I’ve always wondered what it would be like to be one of those real estate photographers, trying to find the best angles to shoot rooms and make them look bigger than they are. Well, recently I got the chance when one of my graphic designer friends asked if I could take some photos of her apartment she was putting up for rent.
Armed with my trusty Canon EOS 5D Mark III and EF 16-35mm f/2.8L II lens, I spent a few minutes in each room formulating the ideal vantage point before proceeding to shoot. A few minor adjustments to rug and cushion positions helped balance the frame and turning on the lights gave an extra warm glow.
I was conscious of keeping the vertical and horizontal lines as straight as possible and crouching down relatively low helped create a feeling of space. Thankfully the owner has very good design sense so very little rearranging or covering up was required.
Although difficult getting everything to fit in the frame, I found that even capturing a glimpse of certain items (such as the washing machine above and bathroom stool below) helped create the overall impression.
Although I brought a tripod along, I didn’t end up using it as there was enough light (and ISO) to be able to capture the frames handheld. Also the tight positioning required (such as the above bathroom shot) meant that I had to squeeze my body into the corner of the toilet space to get the shot. I purposely kept pipes in shot as it kept with the 20′s feel of the room.
Update: The apartment received two pre-inspection offers based on the advert then was eventually rented out for more than the asking price, much to the owner’s delight.
Great to see the highly talented Michael Paynter back in the spotlight again, this time auditioning on Channel 9′s The Voice last week.
Although I was surprised to hear he had auditioned, I can understand his reasons for doing so given how his long-anticipated debut album never quite got released by Sony.
I first saw Michael performing as a support act for Kate Miller-Heidke at the Northcote Hotel back in 2006 and was impressed with his confident stage presence and powerful voice. So too were his vocally exuberant group of fans at the front of the stage, indicating that this was someone we’d likely see more of in the future.
If his upcoming performances on The Voice are anything like his cover of John Farnham’s Burn For You below, he will be a tough one to beat.
Update 28/5/13 : Michael was eliminated on The Voice last night after public voting, unfortunately he didn’t get to perform ‘Burn For You’ which was to be his next performance.
These are a couple of songs he released over the last few years.
The film charts the work of Australian scientist Professor Elizabeth Blackburn who in 2009, discovered an ‘immortalising’ enzyme deep in the DNA of a single-celled pond creature.
The footage was shot on a variety of formats and conditions, making it quite a challenge as the colour grader to make it look seamless. It was a fascinating project to work on and provided a real insight into what is an amazing field of study. Who wouldn’t want to live forever?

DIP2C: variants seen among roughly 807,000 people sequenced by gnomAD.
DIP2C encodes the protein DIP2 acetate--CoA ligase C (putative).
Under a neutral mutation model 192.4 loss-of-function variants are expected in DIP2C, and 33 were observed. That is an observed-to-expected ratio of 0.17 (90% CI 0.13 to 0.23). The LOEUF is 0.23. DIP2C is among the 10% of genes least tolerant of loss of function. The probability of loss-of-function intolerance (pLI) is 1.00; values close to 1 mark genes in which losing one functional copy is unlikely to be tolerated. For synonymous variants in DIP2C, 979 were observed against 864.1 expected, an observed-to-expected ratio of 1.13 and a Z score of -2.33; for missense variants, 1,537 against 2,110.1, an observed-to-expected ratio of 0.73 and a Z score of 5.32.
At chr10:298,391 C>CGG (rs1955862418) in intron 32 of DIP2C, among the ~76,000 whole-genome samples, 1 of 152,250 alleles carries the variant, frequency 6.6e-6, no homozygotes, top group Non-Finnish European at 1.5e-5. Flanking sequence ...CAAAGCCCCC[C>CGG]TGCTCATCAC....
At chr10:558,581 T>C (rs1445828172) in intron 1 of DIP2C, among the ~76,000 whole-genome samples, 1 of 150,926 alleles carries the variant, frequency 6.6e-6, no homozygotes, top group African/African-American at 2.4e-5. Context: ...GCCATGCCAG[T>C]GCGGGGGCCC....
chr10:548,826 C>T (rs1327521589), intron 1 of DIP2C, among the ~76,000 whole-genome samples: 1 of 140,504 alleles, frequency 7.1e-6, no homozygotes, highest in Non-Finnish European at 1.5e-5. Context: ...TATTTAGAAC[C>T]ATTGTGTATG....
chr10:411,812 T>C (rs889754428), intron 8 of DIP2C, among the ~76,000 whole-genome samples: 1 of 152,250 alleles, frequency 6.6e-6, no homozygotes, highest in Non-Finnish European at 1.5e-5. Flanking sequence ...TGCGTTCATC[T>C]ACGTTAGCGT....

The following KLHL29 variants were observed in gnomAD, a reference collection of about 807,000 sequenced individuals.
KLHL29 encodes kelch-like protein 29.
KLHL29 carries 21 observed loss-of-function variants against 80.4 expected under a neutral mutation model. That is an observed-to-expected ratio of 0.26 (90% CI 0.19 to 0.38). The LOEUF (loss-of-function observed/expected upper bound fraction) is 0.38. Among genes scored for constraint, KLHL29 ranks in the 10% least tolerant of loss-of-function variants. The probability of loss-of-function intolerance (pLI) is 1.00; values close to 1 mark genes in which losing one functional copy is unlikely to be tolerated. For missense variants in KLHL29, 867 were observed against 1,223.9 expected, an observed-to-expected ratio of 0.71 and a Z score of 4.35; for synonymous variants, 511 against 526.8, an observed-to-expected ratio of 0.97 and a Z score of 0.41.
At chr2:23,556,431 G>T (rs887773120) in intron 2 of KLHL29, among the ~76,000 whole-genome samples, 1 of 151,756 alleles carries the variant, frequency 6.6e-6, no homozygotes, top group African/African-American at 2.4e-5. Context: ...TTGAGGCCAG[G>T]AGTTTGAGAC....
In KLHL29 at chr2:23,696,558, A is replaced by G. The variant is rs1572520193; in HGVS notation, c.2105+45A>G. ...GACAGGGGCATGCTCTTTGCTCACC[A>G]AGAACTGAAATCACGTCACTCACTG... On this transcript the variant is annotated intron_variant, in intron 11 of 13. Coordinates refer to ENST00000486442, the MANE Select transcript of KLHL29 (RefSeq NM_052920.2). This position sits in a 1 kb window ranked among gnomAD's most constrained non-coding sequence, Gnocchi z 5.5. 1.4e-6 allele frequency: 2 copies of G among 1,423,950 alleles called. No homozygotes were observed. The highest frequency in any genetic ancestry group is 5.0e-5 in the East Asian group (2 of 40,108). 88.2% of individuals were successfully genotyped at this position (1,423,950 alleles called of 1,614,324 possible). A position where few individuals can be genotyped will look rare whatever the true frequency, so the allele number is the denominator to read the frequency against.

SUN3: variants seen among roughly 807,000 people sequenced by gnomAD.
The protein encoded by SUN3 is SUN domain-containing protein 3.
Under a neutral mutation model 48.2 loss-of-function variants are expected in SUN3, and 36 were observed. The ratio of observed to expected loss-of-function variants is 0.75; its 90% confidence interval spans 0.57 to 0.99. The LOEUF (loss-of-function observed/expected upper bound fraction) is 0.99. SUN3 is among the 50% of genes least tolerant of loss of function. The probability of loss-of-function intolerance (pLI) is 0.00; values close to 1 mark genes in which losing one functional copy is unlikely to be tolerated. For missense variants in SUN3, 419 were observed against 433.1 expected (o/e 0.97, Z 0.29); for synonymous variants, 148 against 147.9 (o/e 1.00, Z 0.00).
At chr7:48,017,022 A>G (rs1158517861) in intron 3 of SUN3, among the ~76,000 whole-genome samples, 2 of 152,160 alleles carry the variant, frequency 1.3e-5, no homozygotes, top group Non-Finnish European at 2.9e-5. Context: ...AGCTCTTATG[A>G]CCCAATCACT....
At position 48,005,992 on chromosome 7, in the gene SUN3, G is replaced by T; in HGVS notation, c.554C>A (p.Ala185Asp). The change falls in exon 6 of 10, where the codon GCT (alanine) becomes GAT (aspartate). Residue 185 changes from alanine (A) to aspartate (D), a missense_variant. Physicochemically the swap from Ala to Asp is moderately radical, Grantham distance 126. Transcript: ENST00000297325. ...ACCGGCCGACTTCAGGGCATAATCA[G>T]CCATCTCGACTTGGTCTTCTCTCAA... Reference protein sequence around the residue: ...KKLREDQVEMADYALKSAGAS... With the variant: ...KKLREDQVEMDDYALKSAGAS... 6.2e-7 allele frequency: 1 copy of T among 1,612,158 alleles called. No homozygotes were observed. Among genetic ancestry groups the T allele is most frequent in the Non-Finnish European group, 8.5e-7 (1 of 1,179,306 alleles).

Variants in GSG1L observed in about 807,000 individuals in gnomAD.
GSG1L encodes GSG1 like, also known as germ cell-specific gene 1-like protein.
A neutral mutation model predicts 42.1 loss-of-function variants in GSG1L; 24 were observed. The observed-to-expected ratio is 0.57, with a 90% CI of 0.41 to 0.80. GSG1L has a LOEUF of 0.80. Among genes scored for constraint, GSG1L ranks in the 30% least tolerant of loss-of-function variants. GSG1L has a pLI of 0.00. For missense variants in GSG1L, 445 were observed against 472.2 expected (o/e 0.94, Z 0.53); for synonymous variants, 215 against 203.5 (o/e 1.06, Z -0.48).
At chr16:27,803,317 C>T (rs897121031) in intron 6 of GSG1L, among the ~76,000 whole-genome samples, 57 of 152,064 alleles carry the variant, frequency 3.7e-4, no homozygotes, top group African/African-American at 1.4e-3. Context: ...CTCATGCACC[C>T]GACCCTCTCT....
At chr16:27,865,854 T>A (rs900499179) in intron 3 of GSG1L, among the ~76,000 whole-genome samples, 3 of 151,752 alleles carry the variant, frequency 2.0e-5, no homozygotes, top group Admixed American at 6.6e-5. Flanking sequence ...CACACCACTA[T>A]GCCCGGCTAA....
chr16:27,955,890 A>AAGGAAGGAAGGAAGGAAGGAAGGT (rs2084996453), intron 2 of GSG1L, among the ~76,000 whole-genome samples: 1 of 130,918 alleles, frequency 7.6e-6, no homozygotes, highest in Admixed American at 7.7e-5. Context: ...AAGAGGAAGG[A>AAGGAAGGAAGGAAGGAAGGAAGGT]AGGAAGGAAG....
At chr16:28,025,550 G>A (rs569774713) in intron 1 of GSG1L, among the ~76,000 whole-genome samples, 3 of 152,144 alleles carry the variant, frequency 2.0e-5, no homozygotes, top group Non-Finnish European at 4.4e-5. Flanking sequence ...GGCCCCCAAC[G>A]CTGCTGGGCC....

I was asked to film a live video for a new tune by Emma Heeney, the brief being to keep it a relatively simple performance piece. Having brought a couple of DSLR’s with the intention of a multi-camera shoot, I ended up opting for a single Canon 5Diii coupled with the 24-70mm f2.8 II for the entire video. I felt the tone of the song lended itself more to a dreamy floating hand-held style rather than a static one. Also the thought of capturing twice the amount of footage didn’t appeal, given I had set myself the challenge of completing the entire video in the one session.
Three full performance takes were completed and a fourth specifically for cut-aways to be edited in later Lighting was all natural through a window facing the performers and the audio was captured via a Zoom H4n placed on a tripod in front of Emma. After deciding on the main master shot to be used, the cutaways were inserted during the editing process using Adobe Premiere CS6.
Thankfully each take was consistant enough so I could use small visual sections from different parts to overly without too many sync issues. All-in-all the whole clip was set-up, shot, edited and uploaded to YouTube in 5hrs.
Health food brand Mayvers recently rebranded their range of all-natural table spreads, which meant that new photos were required to show off the new labels and website. I have previously written about taking products shots with a DIY lightcase here and here, however since then I have thrown out the custom made cardboard box which was falling apart anyway. For this shoot, I was planning to just buy an inexpensive lightcase but unfortunately couldn’t find any in stock at short notice.
Fortunately Michael’s Camera had a LightPro portable lighting case for hire at a reasonable price which did just the job. I found it quick to set-up and with previous experience under the belt, in under two hours I was able to light, shoot, edit, re-touch and upload the new product shots to a happy client. All product shots were taken on the Canon 5D Mark III and Canon EF 24-70mm f/2.8L II lens.
Two layers of baking paper were taped over the fluorescent tubes to soften the reflections in the glass jars. Glass from a photo frame was removed to provide natural reflections underneath and everything was given a good clean to ensure no dust was visible.
The photos were imported into Adobe Lightroom where the auto-mask feature allowed me to blowout the background highlights without affecting the jars. Positioning each jar in exactly the same spot meant I could just copy and paste the adjustment settings, saving lots of time in post-production.